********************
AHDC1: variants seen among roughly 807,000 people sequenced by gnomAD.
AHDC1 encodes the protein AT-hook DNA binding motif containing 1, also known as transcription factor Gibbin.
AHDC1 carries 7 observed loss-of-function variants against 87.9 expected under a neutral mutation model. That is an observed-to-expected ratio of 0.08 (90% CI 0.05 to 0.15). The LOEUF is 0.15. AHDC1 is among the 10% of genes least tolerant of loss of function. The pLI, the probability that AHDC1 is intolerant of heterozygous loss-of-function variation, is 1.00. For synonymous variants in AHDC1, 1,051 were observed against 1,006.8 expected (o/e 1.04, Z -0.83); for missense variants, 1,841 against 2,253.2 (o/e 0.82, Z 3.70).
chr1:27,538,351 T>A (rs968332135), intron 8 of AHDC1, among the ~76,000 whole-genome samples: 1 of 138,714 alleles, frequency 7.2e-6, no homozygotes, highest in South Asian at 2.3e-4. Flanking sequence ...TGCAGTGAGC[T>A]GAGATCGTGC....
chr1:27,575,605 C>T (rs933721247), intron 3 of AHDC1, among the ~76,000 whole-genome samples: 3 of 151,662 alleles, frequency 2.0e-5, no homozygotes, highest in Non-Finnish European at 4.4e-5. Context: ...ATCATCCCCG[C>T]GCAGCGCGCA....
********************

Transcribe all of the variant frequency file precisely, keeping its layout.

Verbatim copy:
AHDC1: variants seen among roughly 807,000 people sequenced by gnomAD.
AHDC1 encodes the protein AT-hook DNA binding motif containing 1, also known as transcription factor Gibbin.
AHDC1 carries 7 observed loss-of-function variants against 87.9 expected under a neutral mutation model. That is an observed-to-expected ratio of 0.08 (90% CI 0.05 to 0.15). The LOEUF is 0.15. AHDC1 is among the 10% of genes least tolerant of loss of function. The pLI, the probability that AHDC1 is intolerant of heterozygous loss-of-function variation, is 1.00. For synonymous variants in AHDC1, 1,051 were observed against 1,006.8 expected (o/e 1.04, Z -0.83); for missense variants, 1,841 against 2,253.2 (o/e 0.82, Z 3.70).
chr1:27,538,351 T>A (rs968332135), intron 8 of AHDC1, among the ~76,000 whole-genome samples: 1 of 138,714 alleles, frequency 7.2e-6, no homozygotes, highest in South Asian at 2.3e-4. Flanking sequence ...TGCAGTGAGC[T>A]GAGATCGTGC....
chr1:27,575,605 C>T (rs933721247), intron 3 of AHDC1, among the ~76,000 whole-genome samples: 3 of 151,662 alleles, frequency 2.0e-5, no homozygotes, highest in Non-Finnish European at 4.4e-5. Context: ...ATCATCCCCG[C>T]GCAGCGCGCA....